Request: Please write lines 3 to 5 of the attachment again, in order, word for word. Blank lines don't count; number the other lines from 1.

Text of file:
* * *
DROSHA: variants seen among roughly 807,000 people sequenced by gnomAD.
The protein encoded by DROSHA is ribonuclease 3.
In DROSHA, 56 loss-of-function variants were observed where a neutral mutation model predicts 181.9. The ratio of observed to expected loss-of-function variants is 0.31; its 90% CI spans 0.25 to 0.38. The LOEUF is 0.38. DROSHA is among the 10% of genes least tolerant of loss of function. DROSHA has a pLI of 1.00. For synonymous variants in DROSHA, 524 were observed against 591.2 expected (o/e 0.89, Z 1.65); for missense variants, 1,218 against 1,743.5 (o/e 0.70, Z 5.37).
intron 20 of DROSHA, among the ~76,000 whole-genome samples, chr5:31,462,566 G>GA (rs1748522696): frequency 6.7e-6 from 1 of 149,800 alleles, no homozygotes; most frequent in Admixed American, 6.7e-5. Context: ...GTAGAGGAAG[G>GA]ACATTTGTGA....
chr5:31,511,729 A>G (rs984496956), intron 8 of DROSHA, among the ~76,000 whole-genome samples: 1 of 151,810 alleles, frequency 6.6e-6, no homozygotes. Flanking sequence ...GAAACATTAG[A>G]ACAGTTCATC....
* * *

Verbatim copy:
In DROSHA, 56 loss-of-function variants were observed where a neutral mutation model predicts 181.9. The ratio of observed to expected loss-of-function variants is 0.31; its 90% CI spans 0.25 to 0.38. The LOEUF is 0.38. DROSHA is among the 10% of genes least tolerant of loss of function. DROSHA has a pLI of 1.00. For synonymous variants in DROSHA, 524 were observed against 591.2 expected (o/e 0.89, Z 1.65); for missense variants, 1,218 against 1,743.5 (o/e 0.70, Z 5.37).
intron 20 of DROSHA, among the ~76,000 whole-genome samples, chr5:31,462,566 G>GA (rs1748522696): frequency 6.7e-6 from 1 of 149,800 alleles, no homozygotes; most frequent in Admixed American, 6.7e-5. Context: ...GTAGAGGAAG[G>GA]ACATTTGTGA....
chr5:31,511,729 A>G (rs984496956), intron 8 of DROSHA, among the ~76,000 whole-genome samples: 1 of 151,810 alleles, frequency 6.6e-6, no homozygotes. Flanking sequence ...GAAACATTAG[A>G]ACAGTTCATC....